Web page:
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What Does the GDPR Signal For the Future of Web Development?

What Does GDPR signal for the Future of Web Development?

As we recently discussed, the EU-based General Data Protection Regulations (GDPR) are here, taking effect on May 25, 2018. This new regulation came in the wake of growing concerns about consumer privacy, particularly in how businesses handle the storage of personal information.

And while this change could certainly be seen as a step in the right direction in terms of cybersecurity, we developers and website owners are left wondering: How do these new global standards affect my website? What do they mean for the future of web development?

Let’s take a look.

The Core Tenets of the GDPR

To understand how the GDPR will affect the web development world, we need to look at the GDPR’s rules in more depth:

  • Users may request data reports on all information a company has collected on them.
  • Users can request that businesses delete personal data at any time.
  • If a data breach occurs, businesses must notify affected users within 72 hours.

One of the most pressing issues of the GDPR doesn’t involve its data protection policies at all. The real hot-button issue of the GDPR is that its protections extend to all companies who handle EU citizen data—regardless of where they’re located or where the data is processed.

Projecting the Impacts of the GDPR

Companies in the EU have been working hard over the past couple of years to implement compliance plans before the GDPR launch, and as it turns out, many other international companies are following suit. Heavy hitters like Microsoft, Facebook, and Apple have all pledged to update their privacy policies and comply with GDPR regulations in some form, even for citizens outside the EU.

Based on the activities of those most affected by these changes, we can make several predictions on how the future of web development may be influenced by the GDPR revolution.

Increased Data Scrutiny

The biggest shift is certainly the increased scrutiny given to how companies handle data. This is clearly a long time coming, given the rash of data breaches and scandals that have plagued the tech world in recent years.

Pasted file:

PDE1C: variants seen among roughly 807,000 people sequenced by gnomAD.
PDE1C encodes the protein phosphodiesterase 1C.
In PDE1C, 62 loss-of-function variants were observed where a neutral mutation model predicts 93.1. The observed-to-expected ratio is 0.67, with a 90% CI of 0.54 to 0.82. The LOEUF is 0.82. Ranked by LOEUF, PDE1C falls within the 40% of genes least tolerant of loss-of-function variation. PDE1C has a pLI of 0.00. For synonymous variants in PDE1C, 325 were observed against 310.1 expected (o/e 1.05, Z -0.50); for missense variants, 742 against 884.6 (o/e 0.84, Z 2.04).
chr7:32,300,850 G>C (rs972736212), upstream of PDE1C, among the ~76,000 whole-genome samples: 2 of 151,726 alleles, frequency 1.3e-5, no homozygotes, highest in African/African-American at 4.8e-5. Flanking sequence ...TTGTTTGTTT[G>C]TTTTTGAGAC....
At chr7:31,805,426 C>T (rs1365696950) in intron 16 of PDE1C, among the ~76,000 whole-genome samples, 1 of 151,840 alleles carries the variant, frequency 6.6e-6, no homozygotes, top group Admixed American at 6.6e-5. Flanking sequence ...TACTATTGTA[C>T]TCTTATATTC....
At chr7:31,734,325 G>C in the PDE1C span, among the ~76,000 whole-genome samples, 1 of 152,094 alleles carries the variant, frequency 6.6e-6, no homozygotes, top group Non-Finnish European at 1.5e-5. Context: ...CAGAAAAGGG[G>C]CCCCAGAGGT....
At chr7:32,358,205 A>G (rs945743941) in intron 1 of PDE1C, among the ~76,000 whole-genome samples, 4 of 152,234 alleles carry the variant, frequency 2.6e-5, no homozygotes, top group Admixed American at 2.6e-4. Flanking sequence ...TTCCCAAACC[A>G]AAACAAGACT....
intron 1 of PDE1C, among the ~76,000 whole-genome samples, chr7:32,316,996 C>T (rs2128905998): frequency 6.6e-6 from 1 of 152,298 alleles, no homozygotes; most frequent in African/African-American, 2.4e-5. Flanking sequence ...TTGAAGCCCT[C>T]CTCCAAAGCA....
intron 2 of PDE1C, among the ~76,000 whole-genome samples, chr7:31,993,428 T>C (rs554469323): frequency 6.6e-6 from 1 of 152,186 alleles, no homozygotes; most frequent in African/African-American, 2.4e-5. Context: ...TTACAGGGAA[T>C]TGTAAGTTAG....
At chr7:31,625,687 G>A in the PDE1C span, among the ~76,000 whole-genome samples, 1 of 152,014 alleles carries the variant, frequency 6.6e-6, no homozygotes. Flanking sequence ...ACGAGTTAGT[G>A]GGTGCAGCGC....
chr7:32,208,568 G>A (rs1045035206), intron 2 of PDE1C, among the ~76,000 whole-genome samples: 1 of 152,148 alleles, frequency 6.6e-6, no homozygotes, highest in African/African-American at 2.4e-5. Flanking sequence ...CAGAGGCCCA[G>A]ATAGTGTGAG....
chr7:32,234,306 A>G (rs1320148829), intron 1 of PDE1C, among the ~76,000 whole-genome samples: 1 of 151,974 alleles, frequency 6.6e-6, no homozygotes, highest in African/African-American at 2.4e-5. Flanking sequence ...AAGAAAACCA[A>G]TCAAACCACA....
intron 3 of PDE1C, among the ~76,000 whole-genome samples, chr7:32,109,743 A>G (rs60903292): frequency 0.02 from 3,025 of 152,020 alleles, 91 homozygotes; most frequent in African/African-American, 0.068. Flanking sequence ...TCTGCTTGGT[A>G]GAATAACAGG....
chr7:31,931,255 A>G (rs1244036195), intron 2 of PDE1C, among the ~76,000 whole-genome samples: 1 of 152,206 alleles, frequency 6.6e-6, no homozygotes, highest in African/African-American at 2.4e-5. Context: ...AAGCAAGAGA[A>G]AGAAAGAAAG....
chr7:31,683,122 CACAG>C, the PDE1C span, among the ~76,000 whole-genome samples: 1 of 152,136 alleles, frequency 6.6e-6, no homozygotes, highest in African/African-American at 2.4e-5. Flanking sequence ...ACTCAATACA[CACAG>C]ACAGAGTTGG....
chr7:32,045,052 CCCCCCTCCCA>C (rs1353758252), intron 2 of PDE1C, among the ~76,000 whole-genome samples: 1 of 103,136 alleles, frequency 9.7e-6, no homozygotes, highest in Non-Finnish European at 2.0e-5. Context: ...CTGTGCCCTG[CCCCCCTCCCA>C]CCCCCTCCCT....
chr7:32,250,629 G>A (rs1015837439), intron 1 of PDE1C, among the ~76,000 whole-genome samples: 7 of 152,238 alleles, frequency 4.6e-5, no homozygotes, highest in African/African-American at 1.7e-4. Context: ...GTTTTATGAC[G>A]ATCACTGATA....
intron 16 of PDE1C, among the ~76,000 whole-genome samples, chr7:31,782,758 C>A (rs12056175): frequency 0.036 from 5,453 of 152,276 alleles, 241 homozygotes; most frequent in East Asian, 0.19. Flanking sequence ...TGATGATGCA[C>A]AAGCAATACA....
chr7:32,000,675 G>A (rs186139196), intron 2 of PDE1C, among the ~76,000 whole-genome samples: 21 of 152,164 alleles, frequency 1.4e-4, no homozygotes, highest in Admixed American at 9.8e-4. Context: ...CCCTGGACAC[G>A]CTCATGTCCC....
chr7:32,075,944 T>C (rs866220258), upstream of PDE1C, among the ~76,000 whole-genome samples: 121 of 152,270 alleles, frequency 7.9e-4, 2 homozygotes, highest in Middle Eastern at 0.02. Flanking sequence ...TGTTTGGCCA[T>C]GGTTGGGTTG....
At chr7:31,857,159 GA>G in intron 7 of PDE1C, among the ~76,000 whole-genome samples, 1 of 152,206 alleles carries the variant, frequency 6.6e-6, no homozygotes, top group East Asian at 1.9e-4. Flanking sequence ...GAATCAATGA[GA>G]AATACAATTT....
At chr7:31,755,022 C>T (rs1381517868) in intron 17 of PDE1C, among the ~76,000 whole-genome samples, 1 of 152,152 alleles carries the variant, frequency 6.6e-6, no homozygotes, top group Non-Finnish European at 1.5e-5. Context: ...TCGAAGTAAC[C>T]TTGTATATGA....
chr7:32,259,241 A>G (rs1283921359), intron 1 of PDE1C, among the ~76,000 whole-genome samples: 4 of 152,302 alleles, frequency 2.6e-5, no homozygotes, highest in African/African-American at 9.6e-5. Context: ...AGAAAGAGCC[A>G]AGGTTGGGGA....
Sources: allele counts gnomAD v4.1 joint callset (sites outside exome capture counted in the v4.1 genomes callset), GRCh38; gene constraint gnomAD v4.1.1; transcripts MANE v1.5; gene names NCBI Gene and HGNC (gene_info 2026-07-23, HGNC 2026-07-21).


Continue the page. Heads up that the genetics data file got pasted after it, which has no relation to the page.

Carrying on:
Websites will be held to higher standards of accountability and will need more advanced ways to segment and monitor any data they collect. In fact, the GDPR requires that certain companies assign a dedicated Data Protection Officer to their IT teams for this very reason.

Security—Real Security

With the GDPR raising the stakes for data mismanagement, we expect more companies to take a comprehensive approach to data security:

  • Increased threat assessment and vulnerability identification tools;
  • Advanced data encryption for data in rest and in motion;
  • Increased use of multi-factor authentication;
  • Improved staff cybersecurity training at every organizational level.

Worldwide Privacy Awareness

The EU is showing a progressive mindset to worldwide data security that few other countries have yet to match. The sweeping protections it offers holds companies accountable even when they’re not based in the EU. And with massive companies like Facebook and Microsoft pledging to extend GDPR protections to all users, we expect these types of security policies to become the norm.

Compliance Planning

While any business that handles personal data should have a regulatory compliance plan, the GDPR legislation is forcing many companies to take charge of the process. In a 2016 survey by Dell, 80 percent of global respondents knew virtually nothing about the GDPR, and 97 percent of companies had no compliance plan in place to prepare.

As the impacts of the GDPR continue to unfold, we’ll be watching how the world responds. Companies and governments of all kinds are responding differently to these regulations, and new information is coming out every day. Keep an eye out for news in this area and make sure your business is prepared for any changes that may come your way.

 

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